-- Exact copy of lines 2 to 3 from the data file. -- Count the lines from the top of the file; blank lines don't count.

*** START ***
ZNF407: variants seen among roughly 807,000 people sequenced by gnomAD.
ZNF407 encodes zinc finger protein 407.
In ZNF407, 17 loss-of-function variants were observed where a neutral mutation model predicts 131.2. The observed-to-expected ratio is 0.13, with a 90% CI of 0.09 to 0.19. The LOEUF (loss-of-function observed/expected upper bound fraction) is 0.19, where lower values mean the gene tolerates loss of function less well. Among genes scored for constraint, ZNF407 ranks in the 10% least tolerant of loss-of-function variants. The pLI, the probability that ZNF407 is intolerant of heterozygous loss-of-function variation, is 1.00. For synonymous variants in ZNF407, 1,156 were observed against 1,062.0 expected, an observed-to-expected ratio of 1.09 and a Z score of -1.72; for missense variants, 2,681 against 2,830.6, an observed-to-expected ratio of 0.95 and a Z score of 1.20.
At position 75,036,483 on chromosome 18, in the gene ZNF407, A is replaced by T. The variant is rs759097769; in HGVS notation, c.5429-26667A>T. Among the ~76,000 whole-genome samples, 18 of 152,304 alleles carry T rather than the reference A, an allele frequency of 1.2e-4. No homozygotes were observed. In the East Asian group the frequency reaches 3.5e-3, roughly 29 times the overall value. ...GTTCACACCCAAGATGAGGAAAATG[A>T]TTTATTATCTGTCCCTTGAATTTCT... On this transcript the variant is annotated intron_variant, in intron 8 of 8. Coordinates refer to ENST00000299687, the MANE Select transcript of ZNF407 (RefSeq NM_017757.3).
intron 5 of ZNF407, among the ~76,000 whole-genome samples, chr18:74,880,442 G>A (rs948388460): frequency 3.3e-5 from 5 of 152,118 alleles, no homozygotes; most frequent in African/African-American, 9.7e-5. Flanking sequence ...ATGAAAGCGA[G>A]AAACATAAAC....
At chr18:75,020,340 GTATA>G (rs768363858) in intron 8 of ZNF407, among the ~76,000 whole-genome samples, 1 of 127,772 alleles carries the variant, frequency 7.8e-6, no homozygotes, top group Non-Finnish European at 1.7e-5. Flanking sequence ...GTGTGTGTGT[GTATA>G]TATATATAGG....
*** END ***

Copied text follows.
ZNF407 encodes zinc finger protein 407.
In ZNF407, 17 loss-of-function variants were observed where a neutral mutation model predicts 131.2. The observed-to-expected ratio is 0.13, with a 90% CI of 0.09 to 0.19. The LOEUF (loss-of-function observed/expected upper bound fraction) is 0.19, where lower values mean the gene tolerates loss of function less well. Among genes scored for constraint, ZNF407 ranks in the 10% least tolerant of loss-of-function variants. The pLI, the probability that ZNF407 is intolerant of heterozygous loss-of-function variation, is 1.00. For synonymous variants in ZNF407, 1,156 were observed against 1,062.0 expected, an observed-to-expected ratio of 1.09 and a Z score of -1.72; for missense variants, 2,681 against 2,830.6, an observed-to-expected ratio of 0.95 and a Z score of 1.20.